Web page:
• Have question prompts out and handy.  I had printed copies of these most of last year and the beginning of this year.  I need to pull them out again and make sure I am continuing to use them well and in the right times.
        • *Take notes throughout meeting with 2 foci - first, to remember things (the meetings I get so engrossed in the conversation I forget to take notes I forget it because I will literally sit there an hour later and not remember everything we talked about!).  Second, write down words or phrases the fellow says that I might want to return to.  I don't do this as often but I'd like to be more specific in that. 
          • Aguilar recommends handwritten notes - I prefer typewritten because I can type much faster and because I can type while still keeping my eyes glued on the fellow. 
      • Determine next steps *Be specific!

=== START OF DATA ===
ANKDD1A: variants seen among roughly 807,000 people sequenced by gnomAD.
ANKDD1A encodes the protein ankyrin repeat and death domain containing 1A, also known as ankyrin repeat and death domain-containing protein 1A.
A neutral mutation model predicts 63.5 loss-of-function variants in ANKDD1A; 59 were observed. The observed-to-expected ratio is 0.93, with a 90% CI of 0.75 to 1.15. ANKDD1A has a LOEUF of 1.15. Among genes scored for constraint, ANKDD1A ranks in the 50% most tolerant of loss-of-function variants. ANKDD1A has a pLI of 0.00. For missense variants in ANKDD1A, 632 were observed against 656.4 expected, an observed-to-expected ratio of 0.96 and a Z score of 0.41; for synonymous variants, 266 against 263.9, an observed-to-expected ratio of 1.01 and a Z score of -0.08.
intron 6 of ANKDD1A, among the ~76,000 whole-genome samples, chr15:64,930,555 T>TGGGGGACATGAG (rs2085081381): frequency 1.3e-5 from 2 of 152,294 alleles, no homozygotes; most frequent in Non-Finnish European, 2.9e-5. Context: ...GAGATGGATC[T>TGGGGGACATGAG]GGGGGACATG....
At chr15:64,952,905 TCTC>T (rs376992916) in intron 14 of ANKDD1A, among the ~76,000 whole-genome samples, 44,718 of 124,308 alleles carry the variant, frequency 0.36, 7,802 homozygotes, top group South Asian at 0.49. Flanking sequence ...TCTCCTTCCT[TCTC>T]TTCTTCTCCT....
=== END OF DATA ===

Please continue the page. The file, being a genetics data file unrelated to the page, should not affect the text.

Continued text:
• What is the plan for next week?  I have a spot in my agenda for "next meeting topics".  Sometimes things get copy-pasted from this week's agenda that we didn't get to, and sometimes we make other specific plans.
        • What are the actions the fellow is expected to take over the next week?  When will it be done by?  What will I be doing to support those steps? (i.e. will I be coming in to observe, will I be providing any resources, etc)
      • Reflect on conversation and ask for feedback
        • I've never actually done this, but I'd like to
        • It is my responsibility to "calmly wrap up a meeting so that the [fellow] can feel a sense of closure and be clear on next steps." (page 239)
        • Questions on page 242.